How Pianists Are Different from Everyone Else

Are piano players’ brains different from everyone else’s?

Scientists in Stockholm scanned the brains of 39 musicians – from both classical and jazz backgrounds – students and professionals, while they improvised on a keyboard.

The keyboard was specially made to work inside a brain scanner – as the high magnetic fields in a magnetic resonance scanner meant none of the metal components in regular keyboards and pianos could be used in the experiment. Fibre optics were fitted instead of strings to produce the notes.

The images produced from the pianists’ brains highlighted a network of brain regions which are linked to playing creatively, including the dorsolateral prefrontal cortex – previously shown to be crucial in suppressing stereotypical responses and prioritising improvised responses and actions.

The scientists said that these areas were less active in more experienced pianists, maybe because they had greater connectivity given many years of improvising.

But all of this begs a serious question:


Are pianists different from everyone else?


Pianists can multitask

The research demonstrated that a piano player can more rapidly create a link between the frontal lobes of their brain – where social behaviours and emotional responses are at their sharpest, which is, of course, key in playing the piano, where responses and emotions are quick-fire and a musician must be able to tap into their creative side with considerable ease.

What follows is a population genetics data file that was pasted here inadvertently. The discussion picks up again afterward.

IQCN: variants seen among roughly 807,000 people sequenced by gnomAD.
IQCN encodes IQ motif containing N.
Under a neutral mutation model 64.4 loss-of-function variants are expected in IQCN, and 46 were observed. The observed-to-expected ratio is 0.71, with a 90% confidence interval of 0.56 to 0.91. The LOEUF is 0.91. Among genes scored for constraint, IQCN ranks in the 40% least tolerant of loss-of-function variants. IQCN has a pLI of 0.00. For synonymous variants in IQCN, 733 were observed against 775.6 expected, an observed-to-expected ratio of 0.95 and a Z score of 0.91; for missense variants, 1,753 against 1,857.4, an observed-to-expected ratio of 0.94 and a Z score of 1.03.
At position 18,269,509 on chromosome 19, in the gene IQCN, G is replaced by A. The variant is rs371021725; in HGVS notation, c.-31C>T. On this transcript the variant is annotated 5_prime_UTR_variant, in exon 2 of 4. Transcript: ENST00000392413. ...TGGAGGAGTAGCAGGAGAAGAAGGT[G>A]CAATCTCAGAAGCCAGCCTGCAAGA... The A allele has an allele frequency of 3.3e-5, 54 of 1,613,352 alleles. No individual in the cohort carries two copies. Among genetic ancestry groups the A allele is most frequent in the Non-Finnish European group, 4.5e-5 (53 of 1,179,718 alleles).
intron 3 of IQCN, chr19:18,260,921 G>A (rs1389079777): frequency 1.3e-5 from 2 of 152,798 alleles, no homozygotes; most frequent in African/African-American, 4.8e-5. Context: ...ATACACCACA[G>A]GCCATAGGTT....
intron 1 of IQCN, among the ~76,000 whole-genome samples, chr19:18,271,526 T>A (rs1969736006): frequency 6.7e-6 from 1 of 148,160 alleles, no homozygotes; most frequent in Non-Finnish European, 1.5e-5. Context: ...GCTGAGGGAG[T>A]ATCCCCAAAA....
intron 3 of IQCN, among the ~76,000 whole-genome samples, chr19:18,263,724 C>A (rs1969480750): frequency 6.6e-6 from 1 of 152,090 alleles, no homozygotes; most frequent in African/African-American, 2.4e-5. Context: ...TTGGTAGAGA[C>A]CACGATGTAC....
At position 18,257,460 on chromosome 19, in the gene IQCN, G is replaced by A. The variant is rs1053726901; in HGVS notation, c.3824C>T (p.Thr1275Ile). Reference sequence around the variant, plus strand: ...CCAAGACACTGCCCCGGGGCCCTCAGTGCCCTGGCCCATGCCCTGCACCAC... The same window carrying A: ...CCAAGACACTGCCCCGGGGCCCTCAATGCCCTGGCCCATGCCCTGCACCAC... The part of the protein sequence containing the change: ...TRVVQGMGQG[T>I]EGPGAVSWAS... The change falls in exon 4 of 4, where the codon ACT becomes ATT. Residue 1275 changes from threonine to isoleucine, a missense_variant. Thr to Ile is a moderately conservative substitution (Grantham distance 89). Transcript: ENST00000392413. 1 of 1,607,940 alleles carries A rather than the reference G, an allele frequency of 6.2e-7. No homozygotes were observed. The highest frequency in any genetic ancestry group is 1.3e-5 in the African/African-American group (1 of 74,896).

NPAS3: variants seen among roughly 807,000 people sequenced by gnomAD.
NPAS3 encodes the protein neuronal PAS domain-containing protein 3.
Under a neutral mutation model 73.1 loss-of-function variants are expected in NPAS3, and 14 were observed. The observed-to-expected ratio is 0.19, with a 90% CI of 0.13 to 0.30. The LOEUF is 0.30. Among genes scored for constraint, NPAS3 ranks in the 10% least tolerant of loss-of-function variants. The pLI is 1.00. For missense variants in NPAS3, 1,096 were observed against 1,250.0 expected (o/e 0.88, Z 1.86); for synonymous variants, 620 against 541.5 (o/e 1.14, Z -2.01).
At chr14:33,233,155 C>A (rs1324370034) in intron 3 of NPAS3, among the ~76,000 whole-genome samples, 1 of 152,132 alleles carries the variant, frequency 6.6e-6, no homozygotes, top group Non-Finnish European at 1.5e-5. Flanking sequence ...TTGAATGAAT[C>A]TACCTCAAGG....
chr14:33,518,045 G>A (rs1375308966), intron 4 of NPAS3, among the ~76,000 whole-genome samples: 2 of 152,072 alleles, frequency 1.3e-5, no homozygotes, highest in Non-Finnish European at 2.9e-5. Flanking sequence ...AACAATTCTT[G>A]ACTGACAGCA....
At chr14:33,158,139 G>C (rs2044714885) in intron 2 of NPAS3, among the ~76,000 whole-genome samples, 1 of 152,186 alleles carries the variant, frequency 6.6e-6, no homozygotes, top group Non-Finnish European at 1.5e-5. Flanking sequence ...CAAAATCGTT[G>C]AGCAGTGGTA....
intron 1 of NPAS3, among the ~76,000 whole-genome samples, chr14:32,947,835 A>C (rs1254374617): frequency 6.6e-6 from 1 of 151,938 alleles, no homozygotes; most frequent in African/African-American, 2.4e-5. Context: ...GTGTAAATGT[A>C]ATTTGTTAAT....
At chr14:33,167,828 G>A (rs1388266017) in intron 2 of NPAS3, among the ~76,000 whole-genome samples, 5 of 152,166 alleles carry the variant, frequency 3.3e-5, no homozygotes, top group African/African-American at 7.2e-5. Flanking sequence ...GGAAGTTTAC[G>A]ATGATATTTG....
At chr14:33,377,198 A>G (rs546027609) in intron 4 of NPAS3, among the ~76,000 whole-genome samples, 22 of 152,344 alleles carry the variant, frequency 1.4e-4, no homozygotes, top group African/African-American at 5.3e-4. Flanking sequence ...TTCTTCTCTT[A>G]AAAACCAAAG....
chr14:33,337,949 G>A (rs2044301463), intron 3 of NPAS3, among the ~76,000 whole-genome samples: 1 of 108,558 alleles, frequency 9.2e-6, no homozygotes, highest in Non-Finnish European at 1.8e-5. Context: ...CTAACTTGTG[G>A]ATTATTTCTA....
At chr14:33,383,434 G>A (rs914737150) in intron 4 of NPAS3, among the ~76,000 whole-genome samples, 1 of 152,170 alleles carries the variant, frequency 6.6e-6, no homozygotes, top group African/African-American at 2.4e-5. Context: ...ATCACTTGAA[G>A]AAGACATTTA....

Pianists are ambidextrous 

Everyone has a preferred way of holding a pen or a fork, and everybody is born with one side of the brain dominating the other.

But when pianists begin practising the piano, they encourage both sides of their brain to co-exist as both hands have equal weight when playing the piano. Yes, one hand (the right) often carries the tune with the left playing the accompaniment; but this is not always the case, and in jazz and other improvising styles harmonies are as important as melodies. Without the ability to work both hands equally, a pianist’s playing is rightly criticised. By the time the pianist has passed his or her Grade 8, both hands are as strong as each other.

Pianists can be themselves!

The study, led by Dr Ana Pinho, found that the more experienced pianists were able to turn off unusual brain responses, to achieve true self-expression through music rather than stylistic phrasing that copied other players. 

Happy young pianist

So take up the piano; develop your frontal lobes, become ambidextrous and show true self-expression!